By Liberty Becker (4th)
One day I was playing outside and I saw a butterfly.
My eyes caught sight of that crystal, blue butterfly as it landed on a rose of red.
The butterfly then flew by the winding river
and then landed on a huge, dark brown tree that was very tall.
Then all of a sudden three more butterflies came.
They landed on that same tree.
Together they flew high in the sky.
They fluttered their wings and flew off.
I will always remember that day when I saw a butterfly
that blossomed into three colors.
To Spring Here I Come
By Nina Clark (4th)
To Spring here I come,
Under the white puffy clouds,
Above the beautiful green grass,
With amazing bees flying through the air,
On a gorgeous spring day,
In the garden with berries and fruit,
To the daisies bright and white,
From the fields of blooming flowers.
To Spring Here I Come
By Jrake Denman (4th)
To Spring here I come,
Above the green grass is where I live,
Under the dirt is where I hide,
With all the rain I die,
On a sunny day if I get too hot I may die,
In a hole is where you may find me,
To your garden is where I go to eat,
From the dirt to the water to get a drink of water,
But to too much I will die.
By Addisu Newenhouse Wright (5th)
The spring yelled at me.
Look at those fragrant flowers.
I saw the water moan.
Look at those sad flowers drown.
It just breaks my hearts.
But I think the flowers have powers.
By Matthew Weston (5th)
The tree waves around
Glancing at the sky thinking
How tall will I be?
By Soren Declereq (5th)
Diving, soaring, singing
Flying through the sky
By Damian Kempf (5th)
Trees, trees, trees.
A lot of trees.
Did you know that the trees,
catch the breeze the breeze?
I love the trees catching the breeze.
How do trees do that, I wonder how?
They catch breeze.
What would it be without trees?
I don’t know.
By Jessica Martens (5th)
Mother Nature follows us.
No matter where we are.
She knows the ways of the forests,
All is in Her command.
All is in Her love.
Her breath is the air we breathe.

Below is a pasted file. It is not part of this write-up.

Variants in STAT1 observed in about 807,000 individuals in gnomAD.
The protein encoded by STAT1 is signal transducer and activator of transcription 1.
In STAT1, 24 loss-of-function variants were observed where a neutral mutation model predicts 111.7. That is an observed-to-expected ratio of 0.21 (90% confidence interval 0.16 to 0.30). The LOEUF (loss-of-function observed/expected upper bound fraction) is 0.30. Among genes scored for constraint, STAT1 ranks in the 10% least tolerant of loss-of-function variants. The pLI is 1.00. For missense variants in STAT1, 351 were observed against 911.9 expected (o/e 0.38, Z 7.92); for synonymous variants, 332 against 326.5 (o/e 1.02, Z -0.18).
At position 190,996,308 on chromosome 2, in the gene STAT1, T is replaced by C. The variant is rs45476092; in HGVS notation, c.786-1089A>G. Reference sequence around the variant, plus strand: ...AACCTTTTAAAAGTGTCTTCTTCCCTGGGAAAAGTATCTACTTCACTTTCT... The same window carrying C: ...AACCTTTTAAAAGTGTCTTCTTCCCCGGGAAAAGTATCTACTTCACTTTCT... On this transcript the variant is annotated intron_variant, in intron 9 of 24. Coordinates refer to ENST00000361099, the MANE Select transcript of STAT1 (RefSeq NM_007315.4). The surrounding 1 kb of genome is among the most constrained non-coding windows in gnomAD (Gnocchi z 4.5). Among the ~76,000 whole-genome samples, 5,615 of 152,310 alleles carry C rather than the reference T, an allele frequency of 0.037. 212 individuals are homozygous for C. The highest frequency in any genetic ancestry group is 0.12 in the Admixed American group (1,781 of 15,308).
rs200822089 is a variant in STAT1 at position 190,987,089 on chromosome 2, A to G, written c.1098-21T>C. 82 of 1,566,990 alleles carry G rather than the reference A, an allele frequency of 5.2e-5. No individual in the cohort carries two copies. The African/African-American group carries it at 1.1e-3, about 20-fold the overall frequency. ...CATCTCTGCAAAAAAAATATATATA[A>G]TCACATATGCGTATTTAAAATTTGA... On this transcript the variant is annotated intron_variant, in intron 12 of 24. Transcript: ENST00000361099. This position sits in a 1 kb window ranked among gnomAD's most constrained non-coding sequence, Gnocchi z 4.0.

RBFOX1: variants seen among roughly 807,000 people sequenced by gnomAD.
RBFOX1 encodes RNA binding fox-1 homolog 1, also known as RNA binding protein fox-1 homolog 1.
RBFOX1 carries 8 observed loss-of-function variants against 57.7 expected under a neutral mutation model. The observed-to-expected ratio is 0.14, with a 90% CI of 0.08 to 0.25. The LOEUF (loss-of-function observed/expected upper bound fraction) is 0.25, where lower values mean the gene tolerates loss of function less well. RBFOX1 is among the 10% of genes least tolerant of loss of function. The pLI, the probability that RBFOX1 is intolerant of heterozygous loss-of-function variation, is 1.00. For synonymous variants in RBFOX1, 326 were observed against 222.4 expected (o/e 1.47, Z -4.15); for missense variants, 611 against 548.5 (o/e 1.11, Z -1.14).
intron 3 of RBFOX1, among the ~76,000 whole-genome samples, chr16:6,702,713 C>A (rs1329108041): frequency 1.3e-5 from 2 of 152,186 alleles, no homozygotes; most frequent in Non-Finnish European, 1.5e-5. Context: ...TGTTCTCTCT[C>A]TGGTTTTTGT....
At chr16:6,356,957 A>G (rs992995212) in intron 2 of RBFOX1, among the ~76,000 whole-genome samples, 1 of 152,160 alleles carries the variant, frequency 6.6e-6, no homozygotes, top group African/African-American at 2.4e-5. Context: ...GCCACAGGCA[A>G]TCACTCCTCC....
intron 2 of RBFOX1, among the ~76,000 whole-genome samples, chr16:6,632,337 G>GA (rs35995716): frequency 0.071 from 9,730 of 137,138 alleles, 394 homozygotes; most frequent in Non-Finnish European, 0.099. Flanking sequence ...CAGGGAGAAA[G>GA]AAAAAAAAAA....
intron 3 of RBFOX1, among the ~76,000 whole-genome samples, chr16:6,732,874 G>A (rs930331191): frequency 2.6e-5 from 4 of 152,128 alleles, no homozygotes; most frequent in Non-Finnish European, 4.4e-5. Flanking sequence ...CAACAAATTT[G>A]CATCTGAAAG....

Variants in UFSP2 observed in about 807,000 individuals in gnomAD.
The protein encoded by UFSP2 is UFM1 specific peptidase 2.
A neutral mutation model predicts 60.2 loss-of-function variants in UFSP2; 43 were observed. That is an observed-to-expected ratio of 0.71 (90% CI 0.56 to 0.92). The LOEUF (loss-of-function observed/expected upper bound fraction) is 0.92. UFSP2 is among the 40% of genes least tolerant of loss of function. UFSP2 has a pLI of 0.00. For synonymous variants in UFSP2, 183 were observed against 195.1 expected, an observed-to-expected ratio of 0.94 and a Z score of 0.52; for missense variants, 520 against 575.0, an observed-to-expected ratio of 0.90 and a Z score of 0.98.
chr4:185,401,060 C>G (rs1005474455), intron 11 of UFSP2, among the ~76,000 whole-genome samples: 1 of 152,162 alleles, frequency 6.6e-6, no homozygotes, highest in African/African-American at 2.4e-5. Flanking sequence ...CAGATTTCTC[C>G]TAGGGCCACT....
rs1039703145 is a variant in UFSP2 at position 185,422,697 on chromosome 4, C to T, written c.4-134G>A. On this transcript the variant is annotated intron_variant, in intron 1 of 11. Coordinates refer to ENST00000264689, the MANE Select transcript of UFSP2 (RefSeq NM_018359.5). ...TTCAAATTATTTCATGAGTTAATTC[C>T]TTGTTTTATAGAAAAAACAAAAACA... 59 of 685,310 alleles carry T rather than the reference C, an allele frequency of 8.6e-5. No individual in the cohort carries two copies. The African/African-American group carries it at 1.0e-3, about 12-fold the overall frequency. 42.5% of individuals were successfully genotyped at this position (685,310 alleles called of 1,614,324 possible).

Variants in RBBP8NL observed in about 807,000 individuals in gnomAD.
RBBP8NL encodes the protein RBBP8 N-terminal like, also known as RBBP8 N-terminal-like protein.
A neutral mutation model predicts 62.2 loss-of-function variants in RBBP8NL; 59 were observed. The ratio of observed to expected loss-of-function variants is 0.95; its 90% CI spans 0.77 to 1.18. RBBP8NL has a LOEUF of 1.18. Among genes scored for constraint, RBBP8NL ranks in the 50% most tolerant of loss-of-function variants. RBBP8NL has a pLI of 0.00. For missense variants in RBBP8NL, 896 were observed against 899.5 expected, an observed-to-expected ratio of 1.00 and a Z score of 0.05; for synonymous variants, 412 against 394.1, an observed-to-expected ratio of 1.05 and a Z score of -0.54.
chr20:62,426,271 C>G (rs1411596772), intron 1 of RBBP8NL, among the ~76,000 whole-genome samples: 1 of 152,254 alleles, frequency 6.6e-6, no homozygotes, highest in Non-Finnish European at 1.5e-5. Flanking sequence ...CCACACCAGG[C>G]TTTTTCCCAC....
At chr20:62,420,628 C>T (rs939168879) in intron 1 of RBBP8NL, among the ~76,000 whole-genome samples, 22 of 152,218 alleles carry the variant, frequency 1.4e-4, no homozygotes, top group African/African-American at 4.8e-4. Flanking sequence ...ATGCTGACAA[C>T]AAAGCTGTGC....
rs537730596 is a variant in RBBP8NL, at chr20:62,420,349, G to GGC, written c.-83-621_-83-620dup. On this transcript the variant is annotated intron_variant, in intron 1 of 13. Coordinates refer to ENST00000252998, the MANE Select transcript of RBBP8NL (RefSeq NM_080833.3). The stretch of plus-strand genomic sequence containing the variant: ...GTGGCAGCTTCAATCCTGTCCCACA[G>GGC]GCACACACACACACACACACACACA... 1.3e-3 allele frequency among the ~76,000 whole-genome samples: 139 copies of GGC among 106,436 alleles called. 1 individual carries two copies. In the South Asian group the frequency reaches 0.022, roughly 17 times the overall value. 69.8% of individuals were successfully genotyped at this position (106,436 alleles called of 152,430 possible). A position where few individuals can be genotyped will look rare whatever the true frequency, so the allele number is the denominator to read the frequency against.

Her heart is the trees we use.
She does so much for us,
But what do we do for Her?
We cut down Her hearts,
We ruin Her lungs,
We hurt Her.
But She still believes that one day,
Someone will be born into this world,
And change everyone,
In a good way.
By Iris Gorrill (5th)
Squeaking to each other amid the dewy dandelions.
Spiny and brown
Rolls into a ball when scared.
Babies are small, vulnerable and pink.
They nibble at grass, twigs and berries.
jumping, waddling, chasing each other
Around the woods and meadow.
By Emma Spry (5th)
Here is a dark night,
But yet there is still light.
Little spots of yellow light,
Dancing in the dark of night.
All around little pale lights,
Flicker in the night,
Not big or bold like the moon or stars,
But little lights in the dark of night,
I see so many little dots,
I try to catch some just for fun,
I end up running where they are not,
Some lights turn off and on.
The Night Sky
By Quinn Scheder (5th)
Blinded by the brilliant light refracted in a crystal dome.
A metropolis of stars mixes and forms.
Standing there on the ground oblivious to what goes on all around.
The constellations delicately made, eons ago.
Fade into the morning light.
By Ayawyn Conner (6th)
A blanket of night overs the earth,
The air is cool,
The grass is damp,
Stars twinkle overhead,